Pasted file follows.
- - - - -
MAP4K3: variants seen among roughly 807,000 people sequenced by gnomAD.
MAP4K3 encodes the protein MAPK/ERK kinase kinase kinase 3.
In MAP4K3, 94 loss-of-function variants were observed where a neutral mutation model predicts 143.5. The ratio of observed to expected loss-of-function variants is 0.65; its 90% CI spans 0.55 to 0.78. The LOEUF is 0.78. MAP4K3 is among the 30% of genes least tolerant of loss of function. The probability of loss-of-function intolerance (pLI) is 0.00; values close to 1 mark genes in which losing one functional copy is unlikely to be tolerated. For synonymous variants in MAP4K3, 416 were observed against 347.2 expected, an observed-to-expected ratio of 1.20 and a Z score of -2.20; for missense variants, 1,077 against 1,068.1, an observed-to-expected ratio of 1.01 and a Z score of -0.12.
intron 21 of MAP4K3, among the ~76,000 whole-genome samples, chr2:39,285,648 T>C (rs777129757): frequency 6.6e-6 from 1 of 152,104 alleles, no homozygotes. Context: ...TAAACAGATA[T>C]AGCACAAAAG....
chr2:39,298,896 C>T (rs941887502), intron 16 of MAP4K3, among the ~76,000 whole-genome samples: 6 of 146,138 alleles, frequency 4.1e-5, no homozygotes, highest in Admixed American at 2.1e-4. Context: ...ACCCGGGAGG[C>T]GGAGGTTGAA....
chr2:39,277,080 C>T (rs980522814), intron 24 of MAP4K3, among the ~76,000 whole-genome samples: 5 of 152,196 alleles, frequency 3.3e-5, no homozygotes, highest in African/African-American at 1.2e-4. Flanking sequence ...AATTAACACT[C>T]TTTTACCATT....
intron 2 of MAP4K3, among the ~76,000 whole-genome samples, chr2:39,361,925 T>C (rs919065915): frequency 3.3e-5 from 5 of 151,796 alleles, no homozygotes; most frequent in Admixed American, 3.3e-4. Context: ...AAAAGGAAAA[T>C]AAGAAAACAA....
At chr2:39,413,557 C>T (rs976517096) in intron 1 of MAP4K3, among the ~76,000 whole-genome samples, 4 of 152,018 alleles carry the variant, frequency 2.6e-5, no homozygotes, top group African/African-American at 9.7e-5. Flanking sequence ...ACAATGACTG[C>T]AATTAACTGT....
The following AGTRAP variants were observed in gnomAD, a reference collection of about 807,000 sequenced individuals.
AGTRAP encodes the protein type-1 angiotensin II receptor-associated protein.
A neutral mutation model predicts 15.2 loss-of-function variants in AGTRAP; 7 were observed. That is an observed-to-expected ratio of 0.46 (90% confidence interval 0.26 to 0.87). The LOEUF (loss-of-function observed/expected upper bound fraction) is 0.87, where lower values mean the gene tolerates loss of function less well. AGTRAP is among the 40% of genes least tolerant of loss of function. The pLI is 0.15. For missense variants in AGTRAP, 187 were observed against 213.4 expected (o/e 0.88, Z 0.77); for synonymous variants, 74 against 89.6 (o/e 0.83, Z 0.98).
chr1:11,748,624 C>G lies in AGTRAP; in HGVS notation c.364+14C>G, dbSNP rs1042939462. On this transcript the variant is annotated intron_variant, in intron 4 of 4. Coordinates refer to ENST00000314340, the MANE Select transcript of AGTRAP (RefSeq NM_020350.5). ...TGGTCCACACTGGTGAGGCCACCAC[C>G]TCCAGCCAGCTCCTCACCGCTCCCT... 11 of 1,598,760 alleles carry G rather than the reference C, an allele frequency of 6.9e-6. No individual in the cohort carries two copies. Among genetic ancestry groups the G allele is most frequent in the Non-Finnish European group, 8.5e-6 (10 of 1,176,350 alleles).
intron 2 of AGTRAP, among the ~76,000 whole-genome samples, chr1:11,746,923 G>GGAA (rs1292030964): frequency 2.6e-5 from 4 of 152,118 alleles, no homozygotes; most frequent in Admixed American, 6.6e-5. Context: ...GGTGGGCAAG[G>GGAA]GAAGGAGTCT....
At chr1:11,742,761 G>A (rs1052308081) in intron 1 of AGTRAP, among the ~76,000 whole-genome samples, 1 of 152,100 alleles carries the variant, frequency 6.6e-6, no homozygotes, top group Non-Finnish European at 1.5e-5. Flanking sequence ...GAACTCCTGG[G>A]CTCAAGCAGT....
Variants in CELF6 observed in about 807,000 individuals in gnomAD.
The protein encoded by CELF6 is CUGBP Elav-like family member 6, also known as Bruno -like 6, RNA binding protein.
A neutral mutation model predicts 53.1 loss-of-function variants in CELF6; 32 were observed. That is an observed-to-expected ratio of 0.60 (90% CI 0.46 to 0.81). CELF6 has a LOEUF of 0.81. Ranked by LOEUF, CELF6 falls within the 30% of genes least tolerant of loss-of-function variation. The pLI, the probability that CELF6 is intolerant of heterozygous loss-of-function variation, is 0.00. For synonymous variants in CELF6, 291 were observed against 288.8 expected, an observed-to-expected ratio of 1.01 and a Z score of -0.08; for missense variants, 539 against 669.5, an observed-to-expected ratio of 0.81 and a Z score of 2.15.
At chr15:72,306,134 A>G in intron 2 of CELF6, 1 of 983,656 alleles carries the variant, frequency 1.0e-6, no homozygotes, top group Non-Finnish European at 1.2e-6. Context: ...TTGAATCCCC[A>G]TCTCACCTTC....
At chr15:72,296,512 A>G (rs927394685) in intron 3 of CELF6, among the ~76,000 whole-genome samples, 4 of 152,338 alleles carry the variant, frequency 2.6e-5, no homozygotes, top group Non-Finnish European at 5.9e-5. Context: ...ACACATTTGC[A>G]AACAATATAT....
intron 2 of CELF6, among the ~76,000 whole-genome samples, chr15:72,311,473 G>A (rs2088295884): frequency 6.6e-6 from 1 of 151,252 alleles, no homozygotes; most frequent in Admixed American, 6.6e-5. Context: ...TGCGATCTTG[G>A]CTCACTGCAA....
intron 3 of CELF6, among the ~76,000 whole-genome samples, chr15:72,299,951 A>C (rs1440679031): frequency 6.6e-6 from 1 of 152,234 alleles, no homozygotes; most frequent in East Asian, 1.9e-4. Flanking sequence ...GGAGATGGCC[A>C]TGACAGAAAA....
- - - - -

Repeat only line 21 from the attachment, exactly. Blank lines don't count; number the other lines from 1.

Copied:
intron 3 of CELF6, among the ~76,000 whole-genome samples, chr15:72,299,951 A>C (rs1440679031): frequency 6.6e-6 from 1 of 152,234 alleles, no homozygotes; most frequent in East Asian, 1.9e-4. Flanking sequence ...GGAGATGGCC[A>C]TGACAGAAAA....